We’ve been debating this for a while, but it’s time we took another turn through the internet tubes.
This from Instapundit, a right wing blogger, on 11/11/2005:
>The White House needs to go on the offensive here in a big way — and Bush needs to be very plain that this is all about Democratic politicans pandering to the antiwar base, that it’s deeply dishonest, and that it hurts our troops abroad.
>And yes, he should question their patriotism. Because they’re acting unpatriotically.
>UPDATE: Reader Kathleen Boerger emails: “Could you do me a favor and define ‘patriotism’ please?”
>I think it starts with not uttering falsehoods that damage the country in time of war, simply because your donor base wants to hear them.
>Patriotic people could — and did — oppose the war. But so did a lot of scoundrels. And some who supported the war were not patriotic, if they did it out of opportunism or political calculation rather than honest belief. Those who are now trying to recast their prior positions through dishonest rewriting of history are not patriotic now, nor were they when they supported the war, if they did so then out of opportunism –which today’s revisionist history suggests.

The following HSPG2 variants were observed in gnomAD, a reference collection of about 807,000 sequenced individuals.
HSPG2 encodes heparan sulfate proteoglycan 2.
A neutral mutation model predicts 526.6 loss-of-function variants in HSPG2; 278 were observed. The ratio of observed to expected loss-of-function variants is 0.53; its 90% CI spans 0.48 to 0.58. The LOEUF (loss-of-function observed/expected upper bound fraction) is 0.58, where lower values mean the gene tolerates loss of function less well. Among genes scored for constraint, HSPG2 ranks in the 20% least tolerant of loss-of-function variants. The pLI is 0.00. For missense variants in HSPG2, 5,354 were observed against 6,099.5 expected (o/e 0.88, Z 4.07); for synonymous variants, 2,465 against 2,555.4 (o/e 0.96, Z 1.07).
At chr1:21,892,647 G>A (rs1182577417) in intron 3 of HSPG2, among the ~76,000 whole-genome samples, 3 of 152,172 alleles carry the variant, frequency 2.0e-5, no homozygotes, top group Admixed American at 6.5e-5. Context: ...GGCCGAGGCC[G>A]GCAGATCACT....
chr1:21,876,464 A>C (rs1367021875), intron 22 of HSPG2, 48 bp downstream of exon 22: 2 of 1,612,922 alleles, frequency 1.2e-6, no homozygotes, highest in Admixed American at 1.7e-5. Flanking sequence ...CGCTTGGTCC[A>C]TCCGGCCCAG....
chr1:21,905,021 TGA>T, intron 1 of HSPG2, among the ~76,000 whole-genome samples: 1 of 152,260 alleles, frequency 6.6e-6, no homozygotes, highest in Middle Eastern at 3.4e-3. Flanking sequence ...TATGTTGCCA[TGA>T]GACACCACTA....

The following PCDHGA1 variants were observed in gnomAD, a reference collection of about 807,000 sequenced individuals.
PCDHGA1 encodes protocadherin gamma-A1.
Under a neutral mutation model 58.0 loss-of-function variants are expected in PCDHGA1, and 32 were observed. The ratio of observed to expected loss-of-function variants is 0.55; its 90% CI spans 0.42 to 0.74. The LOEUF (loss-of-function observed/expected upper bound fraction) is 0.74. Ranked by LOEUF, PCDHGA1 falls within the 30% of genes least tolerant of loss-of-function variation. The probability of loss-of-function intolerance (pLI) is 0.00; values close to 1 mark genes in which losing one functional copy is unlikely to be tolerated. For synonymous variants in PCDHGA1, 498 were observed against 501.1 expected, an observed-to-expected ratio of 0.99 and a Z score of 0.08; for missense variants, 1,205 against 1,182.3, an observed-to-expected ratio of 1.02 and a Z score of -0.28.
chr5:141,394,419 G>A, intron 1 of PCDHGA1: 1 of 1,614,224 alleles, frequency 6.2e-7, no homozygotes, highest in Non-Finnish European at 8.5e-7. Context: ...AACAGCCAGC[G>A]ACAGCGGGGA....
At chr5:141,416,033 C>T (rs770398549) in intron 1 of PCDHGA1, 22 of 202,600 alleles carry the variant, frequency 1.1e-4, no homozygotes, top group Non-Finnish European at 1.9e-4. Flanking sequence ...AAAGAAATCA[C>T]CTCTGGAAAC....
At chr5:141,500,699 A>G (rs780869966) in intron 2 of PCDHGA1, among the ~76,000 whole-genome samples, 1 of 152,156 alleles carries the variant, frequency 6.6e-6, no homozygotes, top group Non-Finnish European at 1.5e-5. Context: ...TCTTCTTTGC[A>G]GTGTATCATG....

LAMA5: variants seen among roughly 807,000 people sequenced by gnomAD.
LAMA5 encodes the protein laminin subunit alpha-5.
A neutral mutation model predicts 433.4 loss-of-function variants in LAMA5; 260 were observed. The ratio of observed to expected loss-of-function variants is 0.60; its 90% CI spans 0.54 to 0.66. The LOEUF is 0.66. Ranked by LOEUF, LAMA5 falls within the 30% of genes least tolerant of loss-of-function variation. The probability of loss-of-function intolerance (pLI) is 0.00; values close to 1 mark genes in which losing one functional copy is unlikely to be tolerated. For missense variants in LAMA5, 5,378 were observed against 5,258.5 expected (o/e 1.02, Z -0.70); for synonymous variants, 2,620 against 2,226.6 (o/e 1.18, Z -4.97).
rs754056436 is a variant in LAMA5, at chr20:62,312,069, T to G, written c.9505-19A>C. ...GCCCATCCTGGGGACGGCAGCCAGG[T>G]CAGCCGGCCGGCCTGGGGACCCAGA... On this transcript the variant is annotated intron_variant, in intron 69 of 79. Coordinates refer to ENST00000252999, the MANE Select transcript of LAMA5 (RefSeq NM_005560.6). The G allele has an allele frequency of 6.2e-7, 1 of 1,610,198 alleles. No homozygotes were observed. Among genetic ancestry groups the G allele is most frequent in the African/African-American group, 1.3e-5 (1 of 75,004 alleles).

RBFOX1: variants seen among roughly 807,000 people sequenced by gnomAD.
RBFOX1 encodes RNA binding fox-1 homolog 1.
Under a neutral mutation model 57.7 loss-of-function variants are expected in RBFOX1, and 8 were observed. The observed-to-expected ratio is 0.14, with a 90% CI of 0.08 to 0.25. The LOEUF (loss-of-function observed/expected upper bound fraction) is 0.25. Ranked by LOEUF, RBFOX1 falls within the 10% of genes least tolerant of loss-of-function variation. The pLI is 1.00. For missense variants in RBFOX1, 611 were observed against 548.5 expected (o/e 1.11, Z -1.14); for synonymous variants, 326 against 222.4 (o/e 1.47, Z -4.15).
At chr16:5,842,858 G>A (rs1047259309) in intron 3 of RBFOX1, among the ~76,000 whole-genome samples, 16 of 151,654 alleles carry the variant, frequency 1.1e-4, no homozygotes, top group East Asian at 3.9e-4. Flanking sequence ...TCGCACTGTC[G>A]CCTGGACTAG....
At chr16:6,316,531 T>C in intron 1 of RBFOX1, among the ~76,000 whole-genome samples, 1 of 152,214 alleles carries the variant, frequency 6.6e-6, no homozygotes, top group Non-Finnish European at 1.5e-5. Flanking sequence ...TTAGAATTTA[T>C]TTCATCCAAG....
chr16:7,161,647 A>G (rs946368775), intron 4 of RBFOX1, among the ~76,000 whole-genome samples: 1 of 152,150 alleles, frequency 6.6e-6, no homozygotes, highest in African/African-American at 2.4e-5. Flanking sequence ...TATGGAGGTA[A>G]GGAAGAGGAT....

We’re intrigued that patriotism asks so little of the patriot: simply believe the irresponsible tripe you say. So, one might wonder, how does patriotism differ from just plain honesty?
And this underscores the general pointlessness of questioning others’ motives–the you’re just saying that because (you want to be on TV, you want sympathy, you want money, you want votes, girls, attention and so on): motives are private, often even to ourselves. The only things we can fairly and responsibly judge are *reasons*–yes, the things that compose *arguments*.
If we confined ourselves to arguments, we’d all be better off.